Over the past few weeks, I’ve read dozens of articles that repeat the same refrain: healthy, low calorie meals cost more than high calorie meals. Fresh, healthy foods with a low caloric density are more strongly affected by inflation and carry a higher cost per ounce than processed foods with a high caloric density. A quote:
[L]ow-calorie foods tend to be rich in nutrients like vitamins and minerals. Conversely, high-calorie foods are rich in calories, but tend to be low in nutrients. The study found that lower-calorie foods cost more per calorie, while more calorie-dense foods showed a lower cost per calorie. Bargain shoppers get a better deal purchasing high-calorie foods rather than low-calorie foods. This study then explored the effect of inflation on the lower- versus higher-calorie foods.
The researchers found the price of calorie-dense food was less likely to rise as a result of inflation. During the 2-year study, the price of high-calorie food decreased by 1.8 percent, whereas the price of low-calorie foods increased by 19.5 percent. Considering most bargain shoppers are trying to stretch their incomes as far as possible, the findings may help explain why the highest rates of obesity are among people in lower-income groups.
Based on a standard 2000-calorie diet, the researchers found a diet consisting primarily of calorie-dense foods costs $3.52 a day, but a diet consisting primarily of low-calorie food costs $36.32 a day. The average American eats a variety of foods throughout the day, spending $7 a day.
“If you have $3 to feed yourself, your choices gravitate toward foods which give you the most calories per dollar,” Drewnowski said. “Not only are the empty calories cheaper, but the healthy foods are becoming more and more expensive. Fresh vegetables and fruits are rapidly becoming luxury goods.”
In the short run, if you’re looking solely at putting enough food on the table to feed your family, the processed foods with a high caloric density are a better bargain. You will get full from a meal of processed foods for much lower cost than you will from a meal of fresh foods.
In the long run, however, the reverse is true. High caloric density foods (which have a low nutritional density) drastically increase an average person’s risk of many ailments, from heart disease to diabetes. These illnesses result in not only high medical costs, but also a drop in productivity and earning potential. That’s a serious cost.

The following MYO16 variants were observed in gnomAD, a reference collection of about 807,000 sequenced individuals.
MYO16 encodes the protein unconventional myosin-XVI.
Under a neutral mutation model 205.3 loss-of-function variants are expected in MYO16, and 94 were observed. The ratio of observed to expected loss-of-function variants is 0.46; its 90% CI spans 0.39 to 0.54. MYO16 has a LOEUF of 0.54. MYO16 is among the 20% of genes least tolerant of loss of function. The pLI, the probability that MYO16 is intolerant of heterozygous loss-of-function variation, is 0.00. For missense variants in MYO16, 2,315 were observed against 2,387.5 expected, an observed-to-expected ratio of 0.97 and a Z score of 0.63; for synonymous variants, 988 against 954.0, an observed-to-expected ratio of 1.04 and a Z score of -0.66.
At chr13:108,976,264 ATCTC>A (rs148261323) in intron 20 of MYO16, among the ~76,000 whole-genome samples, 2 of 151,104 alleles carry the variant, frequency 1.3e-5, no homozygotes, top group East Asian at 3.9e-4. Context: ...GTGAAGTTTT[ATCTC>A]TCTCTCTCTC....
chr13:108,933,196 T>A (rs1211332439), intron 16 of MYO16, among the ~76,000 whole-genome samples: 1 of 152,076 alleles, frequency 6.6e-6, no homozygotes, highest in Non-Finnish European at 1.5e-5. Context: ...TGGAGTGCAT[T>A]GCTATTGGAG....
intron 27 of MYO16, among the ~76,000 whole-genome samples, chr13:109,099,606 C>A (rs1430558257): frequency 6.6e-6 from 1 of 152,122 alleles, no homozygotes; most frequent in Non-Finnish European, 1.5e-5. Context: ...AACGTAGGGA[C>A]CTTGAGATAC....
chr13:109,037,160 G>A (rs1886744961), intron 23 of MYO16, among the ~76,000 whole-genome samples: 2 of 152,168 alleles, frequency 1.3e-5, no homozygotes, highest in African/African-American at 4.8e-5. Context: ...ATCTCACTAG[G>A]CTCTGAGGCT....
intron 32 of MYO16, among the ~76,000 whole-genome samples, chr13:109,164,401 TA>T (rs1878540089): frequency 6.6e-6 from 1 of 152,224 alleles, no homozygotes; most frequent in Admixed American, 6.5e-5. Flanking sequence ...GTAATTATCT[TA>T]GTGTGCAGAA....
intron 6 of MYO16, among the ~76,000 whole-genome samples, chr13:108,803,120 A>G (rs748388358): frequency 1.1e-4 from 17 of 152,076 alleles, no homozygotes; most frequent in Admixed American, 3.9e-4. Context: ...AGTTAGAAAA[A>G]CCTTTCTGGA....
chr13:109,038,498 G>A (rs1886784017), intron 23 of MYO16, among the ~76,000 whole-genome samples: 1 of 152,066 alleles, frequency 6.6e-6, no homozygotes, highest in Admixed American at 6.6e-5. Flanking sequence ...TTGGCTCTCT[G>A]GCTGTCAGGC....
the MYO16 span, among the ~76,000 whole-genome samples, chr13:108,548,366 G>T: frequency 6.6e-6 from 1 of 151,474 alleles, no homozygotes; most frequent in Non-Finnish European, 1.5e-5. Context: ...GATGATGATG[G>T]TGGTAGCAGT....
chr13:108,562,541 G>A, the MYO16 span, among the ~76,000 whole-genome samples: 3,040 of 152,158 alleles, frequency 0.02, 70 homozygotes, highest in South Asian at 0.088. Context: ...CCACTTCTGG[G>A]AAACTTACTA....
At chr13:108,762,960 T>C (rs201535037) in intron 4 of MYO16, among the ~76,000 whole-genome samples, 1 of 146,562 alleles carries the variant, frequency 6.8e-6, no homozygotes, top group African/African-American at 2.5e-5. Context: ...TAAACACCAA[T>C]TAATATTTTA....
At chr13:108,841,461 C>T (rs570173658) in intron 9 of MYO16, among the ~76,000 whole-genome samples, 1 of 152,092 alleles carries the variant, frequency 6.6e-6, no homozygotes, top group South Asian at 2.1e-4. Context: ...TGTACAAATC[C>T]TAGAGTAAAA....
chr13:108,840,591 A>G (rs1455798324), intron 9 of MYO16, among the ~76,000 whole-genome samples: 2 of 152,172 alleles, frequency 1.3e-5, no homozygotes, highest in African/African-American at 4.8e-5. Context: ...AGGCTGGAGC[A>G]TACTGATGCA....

What we’re left with is a choice to make every time we visit the grocery store. Do we spend less at the grocery store today while increasing our odds slightly of a very expensive future? Or do we spend more today and keep our future odds of good health in better shape?
I don’t think there necessarily is an automatic choice here. Many people are in poor financial shape and can’t afford the fresh fruits and vegetables. I certainly ate my share of ramen noodles when I was in college, for example, and the only way we kept fresh fruits and vegetables on the table when I was growing up was our own garden.
Instead, I offer a very simple solution to this problem.
When you go grocery shopping, start with the fruits and vegetables. Look for the items that are on sale or have a natural low cost. Grocery flyers can help in this regard. You might find that spinach is on sale for $0.49 a bundle or that bananas are on sale for $0.19 a pound. Whatever it is, stock up. Buy plenty of whatever has a good price on it.
From there, plan some meals around those items. If you’re using the store flyer, you can use recipe websites and other resources to find simple meals that incorporate those vegetables and fruits that are on sale. If spinach is on sale, for example, you might try something as simple as wilted spinach and garlic or something like chicken florentine. Or, better yet, start a few meals this week off with a simple spinach salad with just a little dressing on top. Boom – cheap food that’s actually pretty healthy, too.
You don’t have to plan every meal around what’s on sale. Just try to incorporate what’s on sale into a couple meals in the coming week. By doing that, you’re making your diet healthier without escalating the cost or moving to a “boring healthy” diet and you still have freedom to eat pretty much whatever you want most of the time, whether it’s healthy foods or otherwise.
Just remember this: every time you choose to eat a cheap, unhealthy food, you’re essentially passing on some cost to your future self. This makes the total cost of the food more balanced than you might find on the sticker. Your best bet is to put in some extra footwork and find cheap foods that are also healthy (meaning cheap now and cheap later) and one great way to start is to use the grocery store flyer, start your shopping with the fruits and vegetables, and plan meals that incorporate those that are on sale.
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